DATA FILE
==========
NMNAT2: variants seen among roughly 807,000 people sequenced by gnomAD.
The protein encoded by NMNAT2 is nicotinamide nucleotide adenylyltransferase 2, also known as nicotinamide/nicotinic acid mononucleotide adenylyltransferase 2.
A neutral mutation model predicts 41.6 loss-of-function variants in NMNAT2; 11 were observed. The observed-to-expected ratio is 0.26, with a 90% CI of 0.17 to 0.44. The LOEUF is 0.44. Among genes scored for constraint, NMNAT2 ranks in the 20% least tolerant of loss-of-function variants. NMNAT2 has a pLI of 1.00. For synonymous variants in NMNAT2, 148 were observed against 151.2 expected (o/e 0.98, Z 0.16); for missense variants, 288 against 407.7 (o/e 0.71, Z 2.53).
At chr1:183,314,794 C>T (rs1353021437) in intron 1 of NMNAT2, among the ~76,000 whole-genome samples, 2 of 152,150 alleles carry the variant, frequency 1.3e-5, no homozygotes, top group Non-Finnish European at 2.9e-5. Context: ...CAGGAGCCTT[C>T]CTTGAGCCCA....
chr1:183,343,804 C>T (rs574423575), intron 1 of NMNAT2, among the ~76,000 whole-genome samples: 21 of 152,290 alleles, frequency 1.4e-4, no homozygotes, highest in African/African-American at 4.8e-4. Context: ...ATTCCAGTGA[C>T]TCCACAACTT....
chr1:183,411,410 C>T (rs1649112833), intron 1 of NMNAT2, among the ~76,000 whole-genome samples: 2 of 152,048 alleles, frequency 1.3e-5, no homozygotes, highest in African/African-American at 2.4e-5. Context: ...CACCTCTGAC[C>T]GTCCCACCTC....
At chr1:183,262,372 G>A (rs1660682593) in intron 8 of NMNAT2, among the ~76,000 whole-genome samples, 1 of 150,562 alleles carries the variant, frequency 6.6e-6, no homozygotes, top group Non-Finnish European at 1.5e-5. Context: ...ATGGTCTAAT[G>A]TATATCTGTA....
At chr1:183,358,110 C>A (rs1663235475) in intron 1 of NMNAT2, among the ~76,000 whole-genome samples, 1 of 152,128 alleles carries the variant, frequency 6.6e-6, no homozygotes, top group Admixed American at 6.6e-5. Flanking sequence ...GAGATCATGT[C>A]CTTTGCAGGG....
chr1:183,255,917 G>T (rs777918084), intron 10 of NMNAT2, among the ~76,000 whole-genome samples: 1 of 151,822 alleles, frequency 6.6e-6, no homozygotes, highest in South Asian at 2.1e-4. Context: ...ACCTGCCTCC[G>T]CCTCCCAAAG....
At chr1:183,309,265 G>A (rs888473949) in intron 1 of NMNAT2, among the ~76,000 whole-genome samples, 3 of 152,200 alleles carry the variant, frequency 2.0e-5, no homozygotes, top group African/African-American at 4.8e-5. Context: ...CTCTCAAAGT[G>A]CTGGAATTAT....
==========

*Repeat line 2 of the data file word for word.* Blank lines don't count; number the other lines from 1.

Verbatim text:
The protein encoded by NMNAT2 is nicotinamide nucleotide adenylyltransferase 2, also known as nicotinamide/nicotinic acid mononucleotide adenylyltransferase 2.